According to a New York Times report, Facebook Inc is planning on adding end-to-end encryption to their flagship Facebook Messenger & Instagram Direct instant-messaging services which will join WhatsApp (which gained this feature in 2016) to make all of Facebook’s messaging platforms secured with the feature.
What’s end to end encryption again?
End to end encryption is a feature where the message sent from your device gets encrypted on the device before being sent & is decrypted only when it reaches the recipient’s device. Even if your data transfer is tapped, the data the data obtained by the intruders will be indecipherable.
The messaging service provider won’t be able to decrypt your texts either. This is really important for Facebook, a company that has been widely criticized for its data privacy issues & recently, the Cambridge-Analytica scandal. Adding end-to-end encryption will reassure Facebook’s users that their data isn’t being sold to advertisers or data analytics firms. This is not a bold step into the future though. Facebook is merely playing catch-up to other messaging services like Apple’s iMessage & Microsoft’s Skype, amongst others.
Facebook does offer an optional E2E encryption mode in Facebook Messenger which they call Secret Conversations. The only problem is that it is a separate mode that isn’t enabled by default. Now, Messenger & Instagram Direct will feature E2E encryption by default, and every message sent will be properly encrypted.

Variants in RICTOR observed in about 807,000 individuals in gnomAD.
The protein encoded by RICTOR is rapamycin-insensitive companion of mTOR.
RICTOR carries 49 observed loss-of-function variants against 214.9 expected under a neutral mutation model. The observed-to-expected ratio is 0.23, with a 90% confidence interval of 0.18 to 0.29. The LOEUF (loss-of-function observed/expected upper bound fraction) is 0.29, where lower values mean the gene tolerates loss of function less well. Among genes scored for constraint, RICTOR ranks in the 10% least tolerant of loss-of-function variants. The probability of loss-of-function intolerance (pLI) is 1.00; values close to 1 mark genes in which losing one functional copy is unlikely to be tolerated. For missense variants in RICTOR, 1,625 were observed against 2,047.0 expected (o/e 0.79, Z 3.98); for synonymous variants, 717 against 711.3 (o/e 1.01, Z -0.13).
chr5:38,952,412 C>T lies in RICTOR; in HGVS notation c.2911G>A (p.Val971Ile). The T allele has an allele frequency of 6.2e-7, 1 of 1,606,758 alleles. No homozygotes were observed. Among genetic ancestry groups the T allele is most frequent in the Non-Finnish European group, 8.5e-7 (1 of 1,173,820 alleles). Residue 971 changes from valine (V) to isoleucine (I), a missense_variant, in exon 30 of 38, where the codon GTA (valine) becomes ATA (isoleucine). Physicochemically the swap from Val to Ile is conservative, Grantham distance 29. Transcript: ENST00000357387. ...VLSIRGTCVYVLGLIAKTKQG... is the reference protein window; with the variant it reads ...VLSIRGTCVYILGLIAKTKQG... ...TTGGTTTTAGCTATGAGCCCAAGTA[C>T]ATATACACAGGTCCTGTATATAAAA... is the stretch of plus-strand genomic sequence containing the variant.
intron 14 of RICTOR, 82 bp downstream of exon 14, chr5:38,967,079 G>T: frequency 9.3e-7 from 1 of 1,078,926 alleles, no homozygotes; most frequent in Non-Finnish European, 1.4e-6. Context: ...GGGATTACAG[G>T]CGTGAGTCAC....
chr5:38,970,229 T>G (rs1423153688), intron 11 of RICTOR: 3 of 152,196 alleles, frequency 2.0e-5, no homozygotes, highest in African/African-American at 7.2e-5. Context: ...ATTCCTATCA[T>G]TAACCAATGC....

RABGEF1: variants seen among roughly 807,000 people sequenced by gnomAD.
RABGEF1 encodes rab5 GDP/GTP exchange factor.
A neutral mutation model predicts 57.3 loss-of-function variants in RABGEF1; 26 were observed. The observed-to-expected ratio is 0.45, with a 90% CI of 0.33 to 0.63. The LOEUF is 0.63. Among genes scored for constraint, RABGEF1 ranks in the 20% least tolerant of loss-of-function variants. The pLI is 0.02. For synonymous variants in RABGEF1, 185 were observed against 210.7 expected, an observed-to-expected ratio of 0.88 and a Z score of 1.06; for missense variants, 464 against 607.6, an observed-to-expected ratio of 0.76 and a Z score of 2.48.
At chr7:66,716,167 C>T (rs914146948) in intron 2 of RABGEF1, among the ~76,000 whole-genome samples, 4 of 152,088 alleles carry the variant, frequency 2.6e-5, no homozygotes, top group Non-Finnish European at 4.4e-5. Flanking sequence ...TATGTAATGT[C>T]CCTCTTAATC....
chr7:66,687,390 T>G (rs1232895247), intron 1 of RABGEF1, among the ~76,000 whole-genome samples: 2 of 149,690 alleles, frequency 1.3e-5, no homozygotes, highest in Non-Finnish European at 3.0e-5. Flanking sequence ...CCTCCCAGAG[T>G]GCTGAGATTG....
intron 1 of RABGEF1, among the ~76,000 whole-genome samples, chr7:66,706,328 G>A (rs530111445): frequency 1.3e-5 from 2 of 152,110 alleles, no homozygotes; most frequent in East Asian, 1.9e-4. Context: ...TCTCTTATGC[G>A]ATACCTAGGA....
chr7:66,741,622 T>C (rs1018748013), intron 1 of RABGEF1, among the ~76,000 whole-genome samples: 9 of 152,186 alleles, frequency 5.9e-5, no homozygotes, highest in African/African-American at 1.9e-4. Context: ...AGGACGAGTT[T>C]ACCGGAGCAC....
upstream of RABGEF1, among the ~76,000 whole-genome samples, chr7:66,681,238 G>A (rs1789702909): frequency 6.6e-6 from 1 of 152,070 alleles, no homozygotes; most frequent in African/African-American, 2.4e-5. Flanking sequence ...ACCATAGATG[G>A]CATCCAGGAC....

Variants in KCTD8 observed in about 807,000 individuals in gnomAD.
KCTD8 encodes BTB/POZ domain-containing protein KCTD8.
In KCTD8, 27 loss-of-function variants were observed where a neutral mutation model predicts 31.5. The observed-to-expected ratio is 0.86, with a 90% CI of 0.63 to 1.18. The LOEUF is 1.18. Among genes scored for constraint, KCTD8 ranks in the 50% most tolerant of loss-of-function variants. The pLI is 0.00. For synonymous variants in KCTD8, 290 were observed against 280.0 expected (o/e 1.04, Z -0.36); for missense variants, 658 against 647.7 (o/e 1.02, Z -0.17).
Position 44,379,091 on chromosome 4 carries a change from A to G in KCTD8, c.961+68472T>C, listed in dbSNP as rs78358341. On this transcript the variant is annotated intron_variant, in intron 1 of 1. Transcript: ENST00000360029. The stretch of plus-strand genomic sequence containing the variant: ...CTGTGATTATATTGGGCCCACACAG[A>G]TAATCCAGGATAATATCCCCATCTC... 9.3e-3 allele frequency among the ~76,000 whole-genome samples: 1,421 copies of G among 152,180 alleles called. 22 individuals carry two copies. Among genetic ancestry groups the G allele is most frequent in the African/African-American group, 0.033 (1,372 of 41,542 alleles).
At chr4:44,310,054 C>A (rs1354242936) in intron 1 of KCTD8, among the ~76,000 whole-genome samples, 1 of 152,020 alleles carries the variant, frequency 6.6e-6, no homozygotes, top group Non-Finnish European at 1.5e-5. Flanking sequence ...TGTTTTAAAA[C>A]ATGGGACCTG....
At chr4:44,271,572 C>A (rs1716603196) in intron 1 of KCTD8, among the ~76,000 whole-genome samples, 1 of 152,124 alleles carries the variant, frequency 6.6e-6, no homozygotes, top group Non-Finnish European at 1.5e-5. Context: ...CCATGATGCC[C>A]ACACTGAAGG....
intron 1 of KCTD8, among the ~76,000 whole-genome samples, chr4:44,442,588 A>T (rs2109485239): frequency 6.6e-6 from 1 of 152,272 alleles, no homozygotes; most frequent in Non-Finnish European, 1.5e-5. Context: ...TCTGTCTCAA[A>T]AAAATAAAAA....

What makes Facebook’s planned end-to-end encryption deployment across all of their platforms exciting is that they also aim to enable cross-platform messaging. Not only does this mean that you can now send a text from one of Facebooks 3 messaging platforms to another one of their platforms, the message sent might also be encrypted. Now, this is groundbreaking. Until now, E2E encryption hasn’t ever been deployed across multiple platforms. Facebook plans to do this by reworking the underlying messaging infrastructure from the ground up. Each service will continue to operate as a standalone service though, so all the merging will be more under-the-hood than you might think.
The end users aren’t the only ones benefitting though. This strategic move will allow Facebook to have new users join their 3-platform messaging network & give existing users a big reason to not switch to other services. Facebook can potentially use their then growing userbase as a big feature to advertisers, who will invest more time & effort into their social media platforms. So, it’s a win-win for everybody.
As of writing, Facebook is yet to provide a timeline or an ETA for the new platform.